The articles “a” and “an” are used herein to refer to one or to more than one (i.e. to at least one) of the grammatical object of the article. By way of example, “an element” means one element or more than one element.

The terms “comprise,” “include,” and “have,” and the derivatives thereof, are used herein interchangeably as comprehensive, open-ended terms. For example, use of “comprising,” “including,” or “having” means that whatever element is comprised, had, or included, is not the only element encompassed by the subject of the clause that contains the verb.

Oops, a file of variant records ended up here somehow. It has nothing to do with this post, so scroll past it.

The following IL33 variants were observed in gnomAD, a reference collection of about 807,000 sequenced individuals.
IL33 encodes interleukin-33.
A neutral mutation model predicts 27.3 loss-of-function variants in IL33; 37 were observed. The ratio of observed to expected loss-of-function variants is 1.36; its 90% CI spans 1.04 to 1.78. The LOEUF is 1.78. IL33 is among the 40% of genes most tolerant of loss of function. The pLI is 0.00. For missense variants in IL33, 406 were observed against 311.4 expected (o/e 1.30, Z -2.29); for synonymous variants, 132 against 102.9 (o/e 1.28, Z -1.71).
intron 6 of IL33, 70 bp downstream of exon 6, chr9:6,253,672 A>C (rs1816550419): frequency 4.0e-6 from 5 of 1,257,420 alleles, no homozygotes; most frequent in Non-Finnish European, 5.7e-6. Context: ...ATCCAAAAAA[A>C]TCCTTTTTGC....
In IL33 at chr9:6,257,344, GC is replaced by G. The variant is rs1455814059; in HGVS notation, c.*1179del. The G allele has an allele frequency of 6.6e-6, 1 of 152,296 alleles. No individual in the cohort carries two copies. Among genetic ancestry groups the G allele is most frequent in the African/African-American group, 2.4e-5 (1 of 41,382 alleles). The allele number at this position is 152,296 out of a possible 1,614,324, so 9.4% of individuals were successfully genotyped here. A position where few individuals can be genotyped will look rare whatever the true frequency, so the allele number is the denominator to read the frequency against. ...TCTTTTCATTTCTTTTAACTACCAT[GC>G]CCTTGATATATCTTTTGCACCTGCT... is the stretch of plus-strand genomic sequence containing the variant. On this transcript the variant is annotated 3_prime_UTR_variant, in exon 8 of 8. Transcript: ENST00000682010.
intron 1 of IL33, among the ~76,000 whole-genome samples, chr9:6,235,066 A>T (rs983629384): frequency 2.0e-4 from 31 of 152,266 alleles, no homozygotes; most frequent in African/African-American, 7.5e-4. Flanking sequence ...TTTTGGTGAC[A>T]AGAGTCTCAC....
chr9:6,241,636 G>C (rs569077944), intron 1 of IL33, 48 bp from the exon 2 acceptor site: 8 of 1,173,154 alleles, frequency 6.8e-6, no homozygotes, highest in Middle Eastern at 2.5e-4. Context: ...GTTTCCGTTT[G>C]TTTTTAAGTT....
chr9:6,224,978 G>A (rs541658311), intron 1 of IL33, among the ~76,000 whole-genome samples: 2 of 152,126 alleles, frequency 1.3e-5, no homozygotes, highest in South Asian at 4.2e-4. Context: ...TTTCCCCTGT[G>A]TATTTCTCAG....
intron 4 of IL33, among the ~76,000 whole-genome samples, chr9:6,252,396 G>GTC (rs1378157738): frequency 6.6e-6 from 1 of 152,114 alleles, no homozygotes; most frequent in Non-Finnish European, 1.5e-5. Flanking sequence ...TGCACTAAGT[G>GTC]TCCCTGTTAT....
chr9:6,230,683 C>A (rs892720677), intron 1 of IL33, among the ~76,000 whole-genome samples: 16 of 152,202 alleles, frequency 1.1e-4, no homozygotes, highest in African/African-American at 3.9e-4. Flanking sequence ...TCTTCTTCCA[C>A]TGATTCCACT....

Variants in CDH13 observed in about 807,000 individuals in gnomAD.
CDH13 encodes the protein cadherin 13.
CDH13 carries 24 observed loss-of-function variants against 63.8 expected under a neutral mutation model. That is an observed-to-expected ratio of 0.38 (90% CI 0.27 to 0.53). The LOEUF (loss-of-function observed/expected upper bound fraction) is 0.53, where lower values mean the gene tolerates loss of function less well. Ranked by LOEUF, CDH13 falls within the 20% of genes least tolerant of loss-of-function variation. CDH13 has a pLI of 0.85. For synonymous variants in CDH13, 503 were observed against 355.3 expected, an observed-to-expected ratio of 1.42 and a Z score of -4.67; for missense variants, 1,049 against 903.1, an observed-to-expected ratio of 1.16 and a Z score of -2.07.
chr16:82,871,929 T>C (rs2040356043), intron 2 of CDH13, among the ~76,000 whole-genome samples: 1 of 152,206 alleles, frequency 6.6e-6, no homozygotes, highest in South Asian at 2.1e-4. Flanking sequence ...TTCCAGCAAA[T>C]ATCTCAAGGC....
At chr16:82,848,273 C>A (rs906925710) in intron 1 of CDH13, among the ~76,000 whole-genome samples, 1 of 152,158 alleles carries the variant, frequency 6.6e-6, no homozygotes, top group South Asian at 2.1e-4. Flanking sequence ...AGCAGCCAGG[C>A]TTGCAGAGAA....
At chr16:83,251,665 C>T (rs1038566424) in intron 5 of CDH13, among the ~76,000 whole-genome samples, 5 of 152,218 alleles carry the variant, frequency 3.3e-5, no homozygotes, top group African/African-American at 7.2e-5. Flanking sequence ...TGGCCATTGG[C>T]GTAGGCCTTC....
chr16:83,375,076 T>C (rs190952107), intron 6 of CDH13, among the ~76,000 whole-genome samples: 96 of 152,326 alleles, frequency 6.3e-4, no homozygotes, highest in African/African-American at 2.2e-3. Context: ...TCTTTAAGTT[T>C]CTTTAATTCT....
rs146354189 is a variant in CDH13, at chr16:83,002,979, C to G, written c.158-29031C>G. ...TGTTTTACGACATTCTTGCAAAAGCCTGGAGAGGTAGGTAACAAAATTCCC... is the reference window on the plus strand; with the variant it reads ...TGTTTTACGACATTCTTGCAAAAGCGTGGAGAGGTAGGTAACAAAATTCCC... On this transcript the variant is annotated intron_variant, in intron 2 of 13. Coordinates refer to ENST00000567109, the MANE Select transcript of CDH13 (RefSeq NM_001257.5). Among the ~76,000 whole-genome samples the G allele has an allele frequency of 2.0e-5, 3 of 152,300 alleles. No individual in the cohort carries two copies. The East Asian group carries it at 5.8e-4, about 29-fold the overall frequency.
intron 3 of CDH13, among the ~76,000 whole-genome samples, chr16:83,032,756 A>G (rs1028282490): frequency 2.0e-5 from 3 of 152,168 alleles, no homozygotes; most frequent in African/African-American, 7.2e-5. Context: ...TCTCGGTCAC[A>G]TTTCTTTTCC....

FIGS. 1-8 illustrate an exemplary embodiment of an expandable port 10 for use in minimally invasive surgery having a first section 12, a second section 14, and at least one intermediate section 16. In the exemplary embodiment, the expandable port 10 includes a first intermediate section 16 and a second intermediate section 18. The exemplary port 10 is expandable from a closed configuration, illustrated in FIGS. 1 and 2, which facilitates insertion of the port through an incision to a surgical site within the body, to an expanded configuration, illustrated in FIGS. 3-4, in which the port provides an expanded pathway to the surgical site. In the closed configuration, the first section 12 of the exemplary port 10 engages the second section 14 along at least a portion of the length of the first section 12. As discussed in more detail below, the first section 12 and/or the second section 14 may retain at least a portion of the intermediate section 16. For example, in the exemplary embodiment the first section 12 retains a portion of the first intermediate section 16 and a portion of the second intermediate section 18 and the second section 14 retains a portion of the first intermediate section 16 and a portion of the second intermediate section 18. In the expanded configuration, the first intermediate section 16 spans the gap between the first section 12 and the second section 14. For example, in the exemplary embodiment, the first intermediate section 16 spans a first gap 20 between the first section 12 and the second section 14 and the second intermediate section 16 spans a second gap 22 between the first section 12 and the second section 14.